GCMs are used to project temperature globally. Different Coupled Model Intercomparison Projects (CMIPs) introduced many GCMs to examine future climate patterns. The CC assessment models have been updated significantly since CMIP3 (Song et al., 2021). The RCPs have lately been developed in CMIP5 to provide projections for different radiative forcings (Rahman and Rob, 2019). CMIP5 models have thoroughly outlined the earth system with high geospatial resolution and integrated physics (Almazroui et al., 2020a) and, therefore, shown better skill in climate projections than CMIP3 models (Song et al., 2021; Islam et al., 2022). GCMs have been extensively used for climate modeling (IPCC, 2014). However, they still cannot fully describe many regional climate dynamics because of their coarser resolution (Ali et al., 2021; Wang et al., 2021). Downscaling strategies, which can retrieve higher resolution data from coarse resolution datasets, are crucial for addressing this difficulty for regional or local scale climate modeling (Kamruzzaman et al., 2019b; Kamruzzaman et al., 2021a; Kamruzzaman et al., 2021b; Das et al., 2022a; Das et al., 2022b). Statistical Downscaling (SD) and Dynamic Downscaling (DD) are the two main approaches used for climate downscaling. The SD is frequently preferred because of its simplicity, cost, quick computations, and lower computational requirements (Rashid et al., 2015).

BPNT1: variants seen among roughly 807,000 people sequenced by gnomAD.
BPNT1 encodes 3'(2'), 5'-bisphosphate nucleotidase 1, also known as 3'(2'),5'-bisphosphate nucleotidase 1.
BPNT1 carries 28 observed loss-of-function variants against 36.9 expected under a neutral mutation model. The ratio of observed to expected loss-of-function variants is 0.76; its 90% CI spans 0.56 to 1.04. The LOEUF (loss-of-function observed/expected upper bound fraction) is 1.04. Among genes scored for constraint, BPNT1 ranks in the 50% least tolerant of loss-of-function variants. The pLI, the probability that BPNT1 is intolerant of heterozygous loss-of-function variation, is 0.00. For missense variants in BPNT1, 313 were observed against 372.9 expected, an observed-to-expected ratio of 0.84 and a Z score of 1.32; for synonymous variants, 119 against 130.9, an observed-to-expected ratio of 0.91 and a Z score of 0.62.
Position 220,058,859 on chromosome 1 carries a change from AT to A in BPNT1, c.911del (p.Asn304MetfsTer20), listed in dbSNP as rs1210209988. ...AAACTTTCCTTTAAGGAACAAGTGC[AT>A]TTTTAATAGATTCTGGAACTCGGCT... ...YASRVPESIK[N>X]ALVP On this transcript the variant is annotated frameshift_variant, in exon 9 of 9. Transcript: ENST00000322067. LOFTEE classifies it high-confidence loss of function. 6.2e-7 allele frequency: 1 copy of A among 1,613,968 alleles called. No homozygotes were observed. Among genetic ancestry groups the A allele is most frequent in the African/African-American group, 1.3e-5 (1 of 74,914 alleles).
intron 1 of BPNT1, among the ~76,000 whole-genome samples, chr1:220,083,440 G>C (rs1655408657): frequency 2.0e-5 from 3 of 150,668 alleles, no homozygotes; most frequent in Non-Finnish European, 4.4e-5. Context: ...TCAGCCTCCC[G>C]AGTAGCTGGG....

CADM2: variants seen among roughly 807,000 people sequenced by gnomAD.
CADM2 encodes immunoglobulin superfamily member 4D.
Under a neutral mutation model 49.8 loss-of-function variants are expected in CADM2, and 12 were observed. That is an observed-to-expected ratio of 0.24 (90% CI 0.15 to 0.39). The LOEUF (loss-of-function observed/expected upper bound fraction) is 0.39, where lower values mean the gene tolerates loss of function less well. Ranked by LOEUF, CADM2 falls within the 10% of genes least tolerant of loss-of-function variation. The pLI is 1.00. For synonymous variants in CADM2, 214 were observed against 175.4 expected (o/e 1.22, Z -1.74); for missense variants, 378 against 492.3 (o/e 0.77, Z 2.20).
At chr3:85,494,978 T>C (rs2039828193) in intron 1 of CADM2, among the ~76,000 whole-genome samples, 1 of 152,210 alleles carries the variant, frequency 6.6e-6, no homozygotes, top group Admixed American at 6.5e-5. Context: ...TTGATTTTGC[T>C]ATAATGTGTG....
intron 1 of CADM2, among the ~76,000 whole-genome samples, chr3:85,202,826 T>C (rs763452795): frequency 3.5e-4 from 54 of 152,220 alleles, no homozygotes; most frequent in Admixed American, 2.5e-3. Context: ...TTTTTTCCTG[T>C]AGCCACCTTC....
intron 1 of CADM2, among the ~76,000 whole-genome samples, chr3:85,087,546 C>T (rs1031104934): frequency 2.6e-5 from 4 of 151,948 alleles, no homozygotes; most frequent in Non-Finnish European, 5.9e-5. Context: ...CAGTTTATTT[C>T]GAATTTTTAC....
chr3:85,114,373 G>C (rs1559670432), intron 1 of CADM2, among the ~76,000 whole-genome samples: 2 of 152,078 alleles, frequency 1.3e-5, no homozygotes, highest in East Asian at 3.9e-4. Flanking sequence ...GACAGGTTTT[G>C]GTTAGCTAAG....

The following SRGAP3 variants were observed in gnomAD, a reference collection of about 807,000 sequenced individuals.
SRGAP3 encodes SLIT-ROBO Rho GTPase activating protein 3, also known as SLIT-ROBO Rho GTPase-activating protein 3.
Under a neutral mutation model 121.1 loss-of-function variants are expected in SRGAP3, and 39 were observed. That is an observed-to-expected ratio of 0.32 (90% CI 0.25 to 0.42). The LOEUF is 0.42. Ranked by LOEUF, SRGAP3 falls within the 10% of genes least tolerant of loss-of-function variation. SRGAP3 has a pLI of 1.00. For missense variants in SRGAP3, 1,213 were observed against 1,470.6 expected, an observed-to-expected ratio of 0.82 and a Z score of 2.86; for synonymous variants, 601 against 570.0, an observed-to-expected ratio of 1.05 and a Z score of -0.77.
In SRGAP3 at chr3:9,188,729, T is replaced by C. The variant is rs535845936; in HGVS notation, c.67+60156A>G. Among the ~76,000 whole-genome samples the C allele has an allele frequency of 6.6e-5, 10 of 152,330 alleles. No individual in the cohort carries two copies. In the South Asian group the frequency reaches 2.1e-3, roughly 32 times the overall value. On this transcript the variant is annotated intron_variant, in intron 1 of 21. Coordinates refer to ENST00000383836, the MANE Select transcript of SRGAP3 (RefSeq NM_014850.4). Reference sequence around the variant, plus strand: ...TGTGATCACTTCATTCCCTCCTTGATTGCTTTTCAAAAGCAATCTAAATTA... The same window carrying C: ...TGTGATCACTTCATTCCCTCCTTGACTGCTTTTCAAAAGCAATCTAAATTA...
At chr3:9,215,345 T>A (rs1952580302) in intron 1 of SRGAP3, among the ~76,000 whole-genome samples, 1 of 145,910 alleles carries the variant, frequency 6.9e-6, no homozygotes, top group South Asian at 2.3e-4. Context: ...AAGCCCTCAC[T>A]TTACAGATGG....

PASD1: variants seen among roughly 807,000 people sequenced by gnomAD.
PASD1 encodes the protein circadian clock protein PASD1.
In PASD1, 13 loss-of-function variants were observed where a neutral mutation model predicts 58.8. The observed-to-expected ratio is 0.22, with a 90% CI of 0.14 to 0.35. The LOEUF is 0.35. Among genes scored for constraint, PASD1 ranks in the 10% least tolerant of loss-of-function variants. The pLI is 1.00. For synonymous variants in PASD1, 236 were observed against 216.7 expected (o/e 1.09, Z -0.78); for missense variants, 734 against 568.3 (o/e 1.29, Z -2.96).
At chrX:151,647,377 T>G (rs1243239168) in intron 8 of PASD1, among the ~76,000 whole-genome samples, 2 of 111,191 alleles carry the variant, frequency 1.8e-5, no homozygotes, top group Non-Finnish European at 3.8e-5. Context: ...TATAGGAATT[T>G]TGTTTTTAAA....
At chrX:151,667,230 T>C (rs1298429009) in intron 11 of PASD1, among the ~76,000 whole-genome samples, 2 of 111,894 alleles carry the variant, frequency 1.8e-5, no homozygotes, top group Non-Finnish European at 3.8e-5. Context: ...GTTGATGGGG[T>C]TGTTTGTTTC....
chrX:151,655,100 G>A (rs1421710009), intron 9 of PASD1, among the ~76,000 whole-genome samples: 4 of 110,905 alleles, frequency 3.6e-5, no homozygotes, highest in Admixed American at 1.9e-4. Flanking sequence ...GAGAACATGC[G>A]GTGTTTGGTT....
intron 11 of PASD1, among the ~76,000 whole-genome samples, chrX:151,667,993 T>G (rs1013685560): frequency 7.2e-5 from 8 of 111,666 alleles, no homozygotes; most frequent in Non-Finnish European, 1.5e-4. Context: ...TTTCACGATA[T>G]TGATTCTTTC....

GCM projections are inherently coupled with uncertainty due to the modeling approach, initial condition, and future scenarios (Katzenberger et al., 2021). Moreover, an individual GCM cannot model all atmospheric processes and identify every climatic variation at a smaller scale with greater accuracy (Almazroui et al., 2020b; Ali et al., 2021). Therefore, multi-model ensembles (MME) of GCMs are usually suggested for climate modeling to address uncertainty and improve projection performance (Xu and Xu, 2012; Wang et al., 2021). A large number of studies have projected temperature based on MME of CMIP5 models at various scales (Almazroui et al., 2016; 2020a; Pattnayak et al., 2017; Amin et al., 2018a; Kumar and Sarthi, 2019; Ali et al., 2021). They found that the future temperature will increase, which might be attributed mostly to climatic diversity, geographical factors, and societal context (King et al., 2018). Hence, further research, particularly at the regional or national level, is required to assess the suitability of GCMs in temperature projection and provide ample and precise supplementation for the sensitivity of local or regional temperature variability to climatic changes.